South Korean President Park Geun-hye’s high-profile six-day visit to Central Asia last week imparted further momentum to her “Eurasia initiative," intended to deepen South Korean ties with that energy-rich but geopolitically volatile region. The trip also highlighted South Korea’s value to Washington at a time when the U.S. role and influence in the region is declining due to the ebbing U.S. military presence in Afghanistan and strained relations between the United States and the other two great powers active in the region, Russia and China.
Park announced her Eurasia initiative last October. The declared goal is to remove physical and other barriers to greater economic exchanges among South Korea, other Asian countries and Europe. In Central Asia, that means building new infrastructure, increasing regional foreign investment and enhancing regional security. Other governments such as China, Russia and the United States have also been launching similar initiatives to bolster economic integration in Central Asia to help the region resume its key conduit role as a new Silk Road linking Asia and Europe. Park’s entourage included a large delegation of South Korean business executives eager to pursue economic opportunities in the region.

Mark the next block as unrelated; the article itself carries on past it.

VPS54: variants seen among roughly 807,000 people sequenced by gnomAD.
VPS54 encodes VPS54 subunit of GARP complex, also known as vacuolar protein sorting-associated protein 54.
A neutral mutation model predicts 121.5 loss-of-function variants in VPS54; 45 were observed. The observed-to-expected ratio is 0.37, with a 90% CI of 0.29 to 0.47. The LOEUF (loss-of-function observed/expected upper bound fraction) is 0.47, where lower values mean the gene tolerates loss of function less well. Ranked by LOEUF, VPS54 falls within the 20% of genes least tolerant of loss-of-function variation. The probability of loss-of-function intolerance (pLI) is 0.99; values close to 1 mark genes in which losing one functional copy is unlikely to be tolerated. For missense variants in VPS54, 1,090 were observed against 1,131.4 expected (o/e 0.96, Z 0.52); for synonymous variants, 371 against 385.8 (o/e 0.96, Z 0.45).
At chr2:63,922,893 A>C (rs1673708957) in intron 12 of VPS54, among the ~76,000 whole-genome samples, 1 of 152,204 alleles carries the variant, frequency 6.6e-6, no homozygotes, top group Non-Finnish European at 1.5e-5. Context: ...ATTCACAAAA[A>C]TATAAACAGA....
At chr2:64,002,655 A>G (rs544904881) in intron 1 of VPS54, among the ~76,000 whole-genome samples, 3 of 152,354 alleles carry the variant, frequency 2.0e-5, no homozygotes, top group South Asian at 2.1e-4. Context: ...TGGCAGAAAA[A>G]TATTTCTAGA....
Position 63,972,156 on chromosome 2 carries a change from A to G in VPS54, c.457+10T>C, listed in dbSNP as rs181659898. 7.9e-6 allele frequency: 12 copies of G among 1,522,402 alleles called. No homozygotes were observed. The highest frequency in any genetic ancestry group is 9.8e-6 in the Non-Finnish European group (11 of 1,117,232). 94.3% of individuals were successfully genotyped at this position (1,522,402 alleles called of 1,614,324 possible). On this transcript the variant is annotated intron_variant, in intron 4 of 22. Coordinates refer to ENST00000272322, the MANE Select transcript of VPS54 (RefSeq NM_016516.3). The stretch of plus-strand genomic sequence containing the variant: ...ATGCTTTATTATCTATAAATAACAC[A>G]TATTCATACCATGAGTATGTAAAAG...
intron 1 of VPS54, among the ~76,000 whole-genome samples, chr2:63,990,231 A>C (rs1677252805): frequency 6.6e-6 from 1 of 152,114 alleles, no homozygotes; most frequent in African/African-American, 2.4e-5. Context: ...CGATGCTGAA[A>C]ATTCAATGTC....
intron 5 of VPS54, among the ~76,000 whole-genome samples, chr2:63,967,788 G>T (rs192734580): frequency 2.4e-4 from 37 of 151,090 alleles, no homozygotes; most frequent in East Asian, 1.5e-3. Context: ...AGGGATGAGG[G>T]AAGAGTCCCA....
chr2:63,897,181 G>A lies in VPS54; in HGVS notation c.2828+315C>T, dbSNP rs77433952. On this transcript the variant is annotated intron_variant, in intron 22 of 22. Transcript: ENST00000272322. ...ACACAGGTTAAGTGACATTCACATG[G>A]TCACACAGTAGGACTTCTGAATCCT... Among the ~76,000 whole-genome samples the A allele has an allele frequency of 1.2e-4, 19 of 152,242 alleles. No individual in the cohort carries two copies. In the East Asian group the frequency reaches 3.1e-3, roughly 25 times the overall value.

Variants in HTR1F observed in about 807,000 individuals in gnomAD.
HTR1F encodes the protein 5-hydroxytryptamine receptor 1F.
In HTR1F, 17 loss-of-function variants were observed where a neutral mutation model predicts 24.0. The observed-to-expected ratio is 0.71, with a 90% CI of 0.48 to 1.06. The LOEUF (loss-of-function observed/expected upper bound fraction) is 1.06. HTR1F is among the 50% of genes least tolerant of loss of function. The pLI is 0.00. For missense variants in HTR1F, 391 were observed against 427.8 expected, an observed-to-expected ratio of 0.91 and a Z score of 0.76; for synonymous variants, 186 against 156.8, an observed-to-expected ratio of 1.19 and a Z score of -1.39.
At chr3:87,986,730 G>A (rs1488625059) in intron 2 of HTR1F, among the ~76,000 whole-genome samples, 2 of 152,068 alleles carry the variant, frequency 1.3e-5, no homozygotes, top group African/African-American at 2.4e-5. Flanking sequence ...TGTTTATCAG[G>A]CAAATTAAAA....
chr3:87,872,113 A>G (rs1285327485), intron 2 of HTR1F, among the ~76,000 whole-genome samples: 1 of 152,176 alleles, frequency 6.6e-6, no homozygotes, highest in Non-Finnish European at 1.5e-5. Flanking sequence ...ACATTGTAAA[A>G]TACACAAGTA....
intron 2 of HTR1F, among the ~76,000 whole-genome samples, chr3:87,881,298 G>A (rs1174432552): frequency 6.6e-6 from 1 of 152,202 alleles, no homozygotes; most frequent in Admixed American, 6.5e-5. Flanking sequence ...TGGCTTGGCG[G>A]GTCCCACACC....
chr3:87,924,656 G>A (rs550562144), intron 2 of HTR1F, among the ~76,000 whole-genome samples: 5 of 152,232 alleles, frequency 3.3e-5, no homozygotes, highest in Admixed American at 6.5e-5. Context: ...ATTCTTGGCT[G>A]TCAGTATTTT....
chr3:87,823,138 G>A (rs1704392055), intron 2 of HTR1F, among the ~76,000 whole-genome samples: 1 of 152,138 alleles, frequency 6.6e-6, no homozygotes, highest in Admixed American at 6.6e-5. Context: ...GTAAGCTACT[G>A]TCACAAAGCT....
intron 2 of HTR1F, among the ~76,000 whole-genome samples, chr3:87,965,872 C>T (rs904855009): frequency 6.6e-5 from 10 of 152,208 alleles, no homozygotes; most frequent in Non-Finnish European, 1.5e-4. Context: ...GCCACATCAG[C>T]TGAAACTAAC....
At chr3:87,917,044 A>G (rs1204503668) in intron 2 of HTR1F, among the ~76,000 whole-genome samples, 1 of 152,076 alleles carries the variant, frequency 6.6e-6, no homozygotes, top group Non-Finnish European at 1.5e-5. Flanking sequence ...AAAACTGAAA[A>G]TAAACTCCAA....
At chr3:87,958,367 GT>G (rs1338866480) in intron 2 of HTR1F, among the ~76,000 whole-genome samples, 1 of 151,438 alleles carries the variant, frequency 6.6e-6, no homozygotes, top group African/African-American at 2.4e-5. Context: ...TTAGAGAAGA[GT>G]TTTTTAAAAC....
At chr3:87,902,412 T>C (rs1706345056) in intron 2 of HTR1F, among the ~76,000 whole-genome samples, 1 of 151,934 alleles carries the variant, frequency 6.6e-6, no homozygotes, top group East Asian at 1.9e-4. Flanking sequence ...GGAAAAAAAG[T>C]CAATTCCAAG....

Seoul established diplomatic relations with the newly independent states of Central Asia when they gained independence in the early 1990s. After a slow start, bilateral ties have greatly expanded during the past decade, especially in the economic and energy sectors. Lee Myung-bak, Park’s predecessor and president from 2008 to 2013, pursued two initiatives that indirectly and directly targeted Central Asia: a “Global Korea” campaign and a “New Asia Initiative,” respectively. Lee himself visited Central Asia several times in the space of four years.